Translations of Hellenistic Inscriptions: 31


Greek text:   Labraunda_34 , Labraunda_33 , Labraunda_42   ( I.Labr. 7, 5 & 6 )
Provenance:     Labraunda , Caria
Date:   220 B.C.
Tags:     royal_letters
Format:   see key to translations

Olympichos was the local dynast in the area around Mylasa. Previously he had been an adherent of Seleukos II, but by the time these letters were written he was clearly subordinate to Philippos, to whom the people of Mylasa appealed for a resolution to their long-running dispute with the priests of Zeus at Labraunda.

Inscription C contains the end of a letter from Olympichos to Mylasa, following on from the letters of Philippos.

[A]   King Philippos to Olympichos, greetings. If you are well, that is what I would want; I too am well. I have read the letter from you, which you wrote concerning the inhabitants of Mylasa, and the envoys from the city handed me their decree and spoke to me about their requests. I have written a letter to the city, of which I have appended a copy below, saying that the temple and the land and the other property shall be, as you thought fitting, given back to them in accordance with the oaths which you made at the time that Seleukos set the city free. I think that this is right for other reasons and because the city gave no small demonstration of its goodwill, at the time when they welcomed my father { Antigonos } into their city. Therefore hand over the property to them, as was agreed in the oaths. Farewell.   Third year, in the month of Audnaios.

[B]   [King Philippos to the council] and people of Mylasa, [greetings. Your envoys], Kallistratos, Pl... [and . . .] handed over to me the decree [that you passed], concerning the letter that [Hekatomnos the] priest of Zeus Labraundos took from [his] father to the Chrysaoreis, which said that the priesthood belonged to him and that the security of the place remained assured, and that the kings had always conceded to his ancestors that the [land] should be free from taxes; you stated that Hekatomnos was misleading us and what he said was completely untrue, because he did not immediately hand over the letter, and upon the decease of his father the temple did not belong to the Chrysaoreis or to [the] other Carians, but it was yours; and the Chrysaoreis, who were seeking to appropriate it for themselves, had shut you out of there. The envoys greeted me on behalf of [the] people and joined in rejoicing that I was in good health and that my affairs were progressing according to plan, as the decree instructed them; then they addressed me, saying that temple is yours, since it was founded by your ancestors, and the site and the territory at Labraunda belongs to your people, and you have always at all times received the revenues from it, which you have used to perform sacrifices and festivals; they read out the decrees concerning these matters, and exhibited the accounts of the revenues rendered to the city by the priest and those who hired the properties pertaining to the god. They demonstrated that those who dwell in the temple are your citizens, they belong to your tribes, and use the same laws; and that when Seleukos released the city to be free, among the other territory belonging to the city, he gave you the temple, as you had possessed it from the beginning, and Olympichos, as Seleukos instructed him to remove the armed forces, did [this . . . remaining] in defence of the territory; and that Olympichos, [in accordance with what] he had agreed, made an oath [that] was inscribed on steles and put up [in the] temples, in which oath he undertook to record in the (?) registration the temple and the territory at Labraunda and the other territory as being yours. Olympichos himself had [already] written to me at length, saying that he would grant the territory [to you], as what you requested was just, and it was fitting for him to confirm what was agreed in the oaths. Therefore I, following on from [the decree in] which you previously [made clear your goodwill] towards my father . . .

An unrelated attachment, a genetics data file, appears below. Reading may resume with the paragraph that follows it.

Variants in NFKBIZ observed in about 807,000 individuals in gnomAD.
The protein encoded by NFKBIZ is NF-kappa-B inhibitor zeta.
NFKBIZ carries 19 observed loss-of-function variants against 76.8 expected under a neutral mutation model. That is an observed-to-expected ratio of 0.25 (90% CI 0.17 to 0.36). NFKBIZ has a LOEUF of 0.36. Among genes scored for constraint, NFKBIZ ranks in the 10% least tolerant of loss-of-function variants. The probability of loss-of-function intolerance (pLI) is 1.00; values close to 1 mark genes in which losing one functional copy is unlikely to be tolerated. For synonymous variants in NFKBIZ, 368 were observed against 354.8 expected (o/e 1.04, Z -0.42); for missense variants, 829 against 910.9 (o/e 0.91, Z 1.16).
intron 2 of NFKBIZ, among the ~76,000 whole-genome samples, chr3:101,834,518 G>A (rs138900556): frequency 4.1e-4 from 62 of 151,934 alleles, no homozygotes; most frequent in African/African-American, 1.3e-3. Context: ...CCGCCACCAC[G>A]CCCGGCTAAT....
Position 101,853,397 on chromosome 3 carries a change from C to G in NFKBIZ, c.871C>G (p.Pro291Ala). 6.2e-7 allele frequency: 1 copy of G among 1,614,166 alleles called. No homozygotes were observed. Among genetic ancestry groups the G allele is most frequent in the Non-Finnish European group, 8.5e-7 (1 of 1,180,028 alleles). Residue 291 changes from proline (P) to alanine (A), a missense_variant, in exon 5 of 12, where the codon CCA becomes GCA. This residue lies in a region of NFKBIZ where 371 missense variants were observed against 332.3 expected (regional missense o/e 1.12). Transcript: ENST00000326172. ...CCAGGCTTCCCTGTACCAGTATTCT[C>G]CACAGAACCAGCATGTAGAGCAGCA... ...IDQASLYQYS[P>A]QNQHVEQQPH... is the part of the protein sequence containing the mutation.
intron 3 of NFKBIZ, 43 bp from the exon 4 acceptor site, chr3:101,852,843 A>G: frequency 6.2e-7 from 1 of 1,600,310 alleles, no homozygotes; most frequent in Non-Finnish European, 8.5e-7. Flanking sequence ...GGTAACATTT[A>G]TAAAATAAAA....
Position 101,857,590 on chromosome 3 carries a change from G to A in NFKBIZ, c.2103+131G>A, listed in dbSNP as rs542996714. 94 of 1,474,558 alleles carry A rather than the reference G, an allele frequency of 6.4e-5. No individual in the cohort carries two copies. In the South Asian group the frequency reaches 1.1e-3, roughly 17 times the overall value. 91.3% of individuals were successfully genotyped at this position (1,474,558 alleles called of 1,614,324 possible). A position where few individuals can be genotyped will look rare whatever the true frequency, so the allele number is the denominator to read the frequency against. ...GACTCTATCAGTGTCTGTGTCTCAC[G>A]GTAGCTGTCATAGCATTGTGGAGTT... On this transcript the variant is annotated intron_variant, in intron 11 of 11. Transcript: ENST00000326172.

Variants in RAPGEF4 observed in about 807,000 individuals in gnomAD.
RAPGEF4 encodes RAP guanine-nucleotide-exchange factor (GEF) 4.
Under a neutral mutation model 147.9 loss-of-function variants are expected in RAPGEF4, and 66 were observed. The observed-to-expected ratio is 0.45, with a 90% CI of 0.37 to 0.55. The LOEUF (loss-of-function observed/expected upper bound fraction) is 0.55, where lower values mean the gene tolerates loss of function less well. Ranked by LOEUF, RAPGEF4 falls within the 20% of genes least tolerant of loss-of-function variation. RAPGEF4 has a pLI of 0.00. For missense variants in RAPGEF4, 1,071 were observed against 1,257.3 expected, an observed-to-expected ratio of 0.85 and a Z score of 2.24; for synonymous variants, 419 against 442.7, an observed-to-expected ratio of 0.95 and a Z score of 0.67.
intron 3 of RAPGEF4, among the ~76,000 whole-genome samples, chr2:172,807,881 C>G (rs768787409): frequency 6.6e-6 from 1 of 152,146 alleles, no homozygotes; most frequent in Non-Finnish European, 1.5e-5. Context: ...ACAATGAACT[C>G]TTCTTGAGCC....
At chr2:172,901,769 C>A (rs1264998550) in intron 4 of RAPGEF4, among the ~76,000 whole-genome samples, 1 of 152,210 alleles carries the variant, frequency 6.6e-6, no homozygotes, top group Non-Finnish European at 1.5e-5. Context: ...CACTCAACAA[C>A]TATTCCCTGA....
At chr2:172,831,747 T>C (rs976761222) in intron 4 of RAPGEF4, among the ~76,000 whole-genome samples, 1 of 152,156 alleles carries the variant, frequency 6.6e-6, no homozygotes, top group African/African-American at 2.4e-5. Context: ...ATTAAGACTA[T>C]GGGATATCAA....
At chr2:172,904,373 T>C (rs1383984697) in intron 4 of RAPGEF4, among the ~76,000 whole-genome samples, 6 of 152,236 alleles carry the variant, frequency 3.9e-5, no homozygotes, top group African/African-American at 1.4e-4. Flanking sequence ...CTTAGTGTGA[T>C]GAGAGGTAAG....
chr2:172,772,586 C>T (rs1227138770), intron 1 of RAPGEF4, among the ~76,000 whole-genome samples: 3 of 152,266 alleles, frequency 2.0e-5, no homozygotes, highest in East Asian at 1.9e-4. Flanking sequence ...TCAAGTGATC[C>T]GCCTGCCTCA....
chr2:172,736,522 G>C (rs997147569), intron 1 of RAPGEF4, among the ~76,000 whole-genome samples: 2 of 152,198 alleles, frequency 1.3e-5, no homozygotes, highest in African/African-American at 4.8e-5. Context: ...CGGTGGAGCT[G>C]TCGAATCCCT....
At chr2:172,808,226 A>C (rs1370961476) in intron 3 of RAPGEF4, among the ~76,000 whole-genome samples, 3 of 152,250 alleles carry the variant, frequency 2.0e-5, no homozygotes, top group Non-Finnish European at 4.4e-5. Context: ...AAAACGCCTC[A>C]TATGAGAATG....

[C]   . . . [(?) about the decisions of the] people you sent a letter to king [Philippos] . . . [and your envoys] handed over the decree [to me], in which you voted that (?) all the citizens [and] the other property owners in your territory should wear wreaths on account of the restoration of the ancestral rites and perform a sacrifice on behalf of king Philippos and on behalf of us to Zeus Osogo and Zeus Labraundos and Zeus Eleutherios; and that the stephanephoros and the [priests] and priestesses should offer prayers to all the gods and goddesses according to the established rites, as you have made clear in your decree. After they had greeted me on behalf of the people, and joined in rejoicing that I and my wife Nikaia and my children were in good health, they handed over the the letter from the king and urged me, as I have previously chosen to be a benefactor of your homeland, for which I helped to make it happen that the city . . . [and I wrote] to king [Philippos (?) at length to assist you] in keeping the temple, as you thought [fitting; and] since the king [wrote] to me that I should make [the transfer of the temple], I propose to act in accordance with your [(?) decrees] and the oaths that I made, [(?) as you requested]. I restore to you the temple of Zeus [Labraundos], both the place and its territory, and Petra [by] Labraunda, and [all] the revenues at Labraunda, as I have previously written to you. I have appended a copy of the letter that the king wrote to me about these matters; and after speaking to your envoys, I instructed them to report back the message from [me] to you. Farewell.

inscription 32

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